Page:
ssh-copy-id behavior

Keep an eye out for this one. When using ssh-copy-id to copy my public key to a remote host, I found that it had not properly appended my id to the remote ~/.ssh/authorized_keys file. It concatenated it on to the end, with no linefeed. Just be sure to check for that!

Original remote ~/.ssh/authorized_keys

ssh-dss AAA...== forest@machine

After ssh-copy-id did its work:

ssh-dss AAA...== forest@machinessh-dss AAAAB...gdA== forest@laptop


Ubuntu batch photo processing

Way-cool batch photo processing on Ubuntu, GNU/Linux, Windows, and Mac with Phatch.

http://photobatch.wikidot.com/getting-started


Enabling Apache’s PHP execution in User Directories on Ubuntu Lucid

Ubuntu Lucid ships with PHP disabled for user directories. That’s a sensible security default, but it won’t allow your developers to get their work done. And if you’re working with Drupal, you’ll need all the steps listed here.

First, you’ll need to install Apache:
sudo apt-get install apache2

Then the compiled PHP binary (or “shared object” in Apache lingo):
sudo apt-get install php5

You may need to do sudo /etc/init.d/apache2 restart or sudo service apache2 restart to have it pick up the updated configuration file that loads the PHP5 module. Try visiting your own box at “localhost” to see if you get a nice “welcome” page. You can put an “info.php” file in /var/www to test if PHP is working (the contents of your info.php file are simply <?php phpinfo(); ?>), and visit that in your browser.

Once you’ve gotten PHP running under Apache, edit /etc/apache2/mods-available/php5.conf and comment out the lines as instructed:

<IfModule mod_php5.c>
    <FilesMatch "\.ph(p3?|tml)$">
        SetHandler application/x-httpd-php
    </FilesMatch>
    <FilesMatch "\.phps$">
        SetHandler application/x-httpd-php-source
    </FilesMatch>
    # To re-enable php in user directories comment the following lines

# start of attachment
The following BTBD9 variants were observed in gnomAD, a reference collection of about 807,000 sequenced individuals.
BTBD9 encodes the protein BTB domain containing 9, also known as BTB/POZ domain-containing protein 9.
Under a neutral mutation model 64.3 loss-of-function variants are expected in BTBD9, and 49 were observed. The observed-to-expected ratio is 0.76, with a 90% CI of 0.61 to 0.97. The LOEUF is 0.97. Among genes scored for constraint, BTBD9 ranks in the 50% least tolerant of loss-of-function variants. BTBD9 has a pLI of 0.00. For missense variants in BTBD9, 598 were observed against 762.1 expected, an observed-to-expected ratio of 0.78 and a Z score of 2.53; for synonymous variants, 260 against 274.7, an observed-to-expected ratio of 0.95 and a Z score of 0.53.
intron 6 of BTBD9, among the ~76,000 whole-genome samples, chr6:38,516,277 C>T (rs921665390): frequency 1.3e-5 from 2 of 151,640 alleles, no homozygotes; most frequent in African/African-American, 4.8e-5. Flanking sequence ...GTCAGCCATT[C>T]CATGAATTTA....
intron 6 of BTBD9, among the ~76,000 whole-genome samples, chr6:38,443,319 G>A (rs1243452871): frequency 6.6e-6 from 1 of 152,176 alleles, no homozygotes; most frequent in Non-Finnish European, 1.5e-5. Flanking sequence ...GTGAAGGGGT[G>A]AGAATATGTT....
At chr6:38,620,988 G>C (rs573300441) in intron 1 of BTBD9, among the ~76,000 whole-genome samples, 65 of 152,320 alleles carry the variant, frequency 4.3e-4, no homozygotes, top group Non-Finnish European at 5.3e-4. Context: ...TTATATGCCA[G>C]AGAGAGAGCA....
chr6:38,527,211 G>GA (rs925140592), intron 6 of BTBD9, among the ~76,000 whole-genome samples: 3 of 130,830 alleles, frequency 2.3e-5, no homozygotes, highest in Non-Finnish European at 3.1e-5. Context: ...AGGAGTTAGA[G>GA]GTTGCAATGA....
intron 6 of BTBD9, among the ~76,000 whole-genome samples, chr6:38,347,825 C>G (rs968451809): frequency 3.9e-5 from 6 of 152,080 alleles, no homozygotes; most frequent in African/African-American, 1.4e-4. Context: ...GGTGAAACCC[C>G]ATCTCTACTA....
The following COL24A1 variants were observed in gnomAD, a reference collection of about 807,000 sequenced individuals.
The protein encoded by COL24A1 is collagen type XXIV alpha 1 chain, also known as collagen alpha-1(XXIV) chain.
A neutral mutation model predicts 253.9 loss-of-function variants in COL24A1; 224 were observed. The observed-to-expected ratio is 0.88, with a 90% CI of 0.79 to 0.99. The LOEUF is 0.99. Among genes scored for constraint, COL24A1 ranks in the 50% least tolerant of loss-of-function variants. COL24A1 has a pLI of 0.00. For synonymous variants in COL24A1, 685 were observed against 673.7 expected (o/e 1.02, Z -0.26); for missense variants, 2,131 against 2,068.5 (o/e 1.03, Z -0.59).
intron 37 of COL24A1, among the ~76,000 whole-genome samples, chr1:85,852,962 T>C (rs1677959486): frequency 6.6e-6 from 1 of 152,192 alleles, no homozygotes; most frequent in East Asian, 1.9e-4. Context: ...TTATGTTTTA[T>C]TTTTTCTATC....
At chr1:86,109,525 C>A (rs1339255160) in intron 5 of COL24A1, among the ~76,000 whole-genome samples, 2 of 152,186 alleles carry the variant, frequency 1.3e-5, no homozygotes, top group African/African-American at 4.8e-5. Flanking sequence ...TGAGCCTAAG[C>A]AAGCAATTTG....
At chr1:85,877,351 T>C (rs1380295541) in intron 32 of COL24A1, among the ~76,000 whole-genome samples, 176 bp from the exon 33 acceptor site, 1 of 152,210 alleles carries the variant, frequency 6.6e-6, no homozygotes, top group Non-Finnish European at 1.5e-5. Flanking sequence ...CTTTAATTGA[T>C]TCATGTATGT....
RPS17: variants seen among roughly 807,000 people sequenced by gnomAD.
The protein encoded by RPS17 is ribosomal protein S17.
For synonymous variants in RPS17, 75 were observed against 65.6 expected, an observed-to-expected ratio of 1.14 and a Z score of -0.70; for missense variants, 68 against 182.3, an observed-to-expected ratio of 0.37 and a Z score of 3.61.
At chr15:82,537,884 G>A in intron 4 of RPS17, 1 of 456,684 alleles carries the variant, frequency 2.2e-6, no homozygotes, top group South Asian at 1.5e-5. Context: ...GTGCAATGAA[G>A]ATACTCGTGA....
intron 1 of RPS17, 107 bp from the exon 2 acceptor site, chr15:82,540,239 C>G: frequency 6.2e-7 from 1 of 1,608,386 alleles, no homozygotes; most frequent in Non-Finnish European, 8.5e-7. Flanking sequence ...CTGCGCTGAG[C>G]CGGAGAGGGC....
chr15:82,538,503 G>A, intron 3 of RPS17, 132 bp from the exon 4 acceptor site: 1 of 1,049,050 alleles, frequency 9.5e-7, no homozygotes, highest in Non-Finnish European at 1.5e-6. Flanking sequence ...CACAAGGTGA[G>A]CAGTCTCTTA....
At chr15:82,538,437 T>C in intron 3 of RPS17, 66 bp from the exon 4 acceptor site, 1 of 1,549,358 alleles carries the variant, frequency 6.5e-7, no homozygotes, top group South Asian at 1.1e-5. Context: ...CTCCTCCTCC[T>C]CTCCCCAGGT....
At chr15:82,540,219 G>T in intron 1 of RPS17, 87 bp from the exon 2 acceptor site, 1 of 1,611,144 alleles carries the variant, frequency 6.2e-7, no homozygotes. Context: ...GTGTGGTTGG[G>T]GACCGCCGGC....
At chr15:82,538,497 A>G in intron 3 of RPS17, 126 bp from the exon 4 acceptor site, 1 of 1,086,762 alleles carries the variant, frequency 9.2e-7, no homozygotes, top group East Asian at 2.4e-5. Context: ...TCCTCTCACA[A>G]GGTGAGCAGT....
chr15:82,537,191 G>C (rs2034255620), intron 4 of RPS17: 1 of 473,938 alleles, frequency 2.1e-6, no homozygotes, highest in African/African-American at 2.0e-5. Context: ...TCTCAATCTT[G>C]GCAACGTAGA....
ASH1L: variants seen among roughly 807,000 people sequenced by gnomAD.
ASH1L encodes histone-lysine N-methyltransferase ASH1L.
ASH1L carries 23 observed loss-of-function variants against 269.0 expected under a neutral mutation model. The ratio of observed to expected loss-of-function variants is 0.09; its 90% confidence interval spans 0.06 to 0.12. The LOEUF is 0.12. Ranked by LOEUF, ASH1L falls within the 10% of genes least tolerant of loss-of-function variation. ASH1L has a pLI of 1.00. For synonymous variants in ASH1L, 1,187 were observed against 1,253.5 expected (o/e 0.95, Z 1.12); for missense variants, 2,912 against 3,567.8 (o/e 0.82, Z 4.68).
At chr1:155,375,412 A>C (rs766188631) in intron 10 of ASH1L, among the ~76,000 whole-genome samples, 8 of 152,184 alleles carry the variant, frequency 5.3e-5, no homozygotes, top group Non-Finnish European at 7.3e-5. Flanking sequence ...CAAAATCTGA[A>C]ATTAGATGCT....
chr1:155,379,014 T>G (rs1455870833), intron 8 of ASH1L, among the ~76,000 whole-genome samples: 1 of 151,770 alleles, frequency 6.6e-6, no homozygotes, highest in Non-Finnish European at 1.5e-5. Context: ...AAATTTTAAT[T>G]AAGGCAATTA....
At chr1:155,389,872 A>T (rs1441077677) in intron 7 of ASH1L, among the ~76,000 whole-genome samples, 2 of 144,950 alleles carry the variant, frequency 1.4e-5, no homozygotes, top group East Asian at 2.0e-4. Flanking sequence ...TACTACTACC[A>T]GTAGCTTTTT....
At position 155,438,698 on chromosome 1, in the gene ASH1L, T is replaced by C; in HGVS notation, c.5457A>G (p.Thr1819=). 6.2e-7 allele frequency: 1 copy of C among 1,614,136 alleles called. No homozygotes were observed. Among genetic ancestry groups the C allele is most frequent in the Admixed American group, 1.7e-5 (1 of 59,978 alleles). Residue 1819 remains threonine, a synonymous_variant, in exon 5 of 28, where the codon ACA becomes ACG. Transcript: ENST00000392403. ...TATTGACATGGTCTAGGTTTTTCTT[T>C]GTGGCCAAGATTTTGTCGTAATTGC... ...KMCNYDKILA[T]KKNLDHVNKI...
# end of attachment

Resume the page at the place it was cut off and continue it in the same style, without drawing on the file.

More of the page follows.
# (from <IfModule ...> to </IfModule>.) Do NOT set it to On as it
    # prevents .htaccess files from disabling it.
#    <IfModule mod_userdir.c>
#        <Directory /home/*/public_html>
#            php_admin_value engine Off
#        </Directory>
#    </IfModule>
</IfModule>

If you’re developing with Drupal, the following step may also be necessary: In /etc/apache2/mods-available/userdir.conf, you should allow Drupal’s local .htaccess file to override the Apache-wide configuration file, with:

(...)
        <Directory /home/*/public_html>
                AllowOverride All
                #AllowOverride FileInfo AuthConfig Limit Indexes
                #Options MultiViews Indexes SymLinksIfOwnerMatch IncludesNoExec
(...)

Restart Apache with sudo /etc/init.d/apache2 restart and you might be done!


SSH public RSA key errors

Seen these before when trying to login via SSH with your new RSA public key?

Nov 2 12:09:17 hostname sshd[12712]: error: buffer_get_ret: trying to get more bytes 257 than in buffer 73
Nov 2 12:09:17 hostname sshd[12712]: error: buffer_get_string_ret: buffer_get failed
Nov 2 12:09:17 hostname sshd[12712]: error: buffer_get_bignum2_ret: invalid bignum
Nov 2 12:09:17 hostname sshd[12712]: error: key_from_blob: can't read rsa key
Nov 2 12:09:17 hostname sshd[12712]: error: key_read: key_from_blob AAAAB3N[...] failed

In my case these were the result of copying a public key from e-mail, which tends to mangle long text lines. I usually don’t have this problem because I use the ssh-copy-id script to copy my keys to a remote host before attempting to log in.


mysqldump: dump rows matching certain criteria, or limit number of dumped rows

To limit the number of rows dumped by mysqldump, you can do:

mysqldump -u [user] -p[password] --where="true LIMIT 5" [database] [tablename] > outputfilename.sql

You could select other criteria as well:

mysqldump -u [user] -p[password] --where="userid > 24" [database] [tablename] > outputfilename.sql


Removing wine menu entries and file associations on Ubuntu

From the Wine FAQ, this works for me on Ubuntu Lucid, using Wine 1.2.2:

rm -f $HOME/.config/menus/applications-merged/wine*
rm -rf $HOME/.local/share/applications/wine
rm -f $HOME/.local/share/desktop-directories/wine*
rm -f $HOME/.local/share/icons/????_*.{xpm,png}
rm -f $HOME/.local/share/icons/*-x-wine-*.{xpm,png}

And the file associations:

rm -f $HOME/local/share/applications/wine-extension-*

Finally, if you’d like to remove installed Wine applications entirely for a single user, say, yourself:

rm -rf $HOME/.wine


Life insurers deciding whether to use tracked Web data

Interesting. So apparently I missed that life insurers are looking at using tracked Web data (such as that collected by Acxiom) to evaluate whether or not to insure people. Of course Acxiom says that it “wouldn’t” share this info with insurers, but it makes more sense to me that they would follow the money instead, changing their rules if necessary.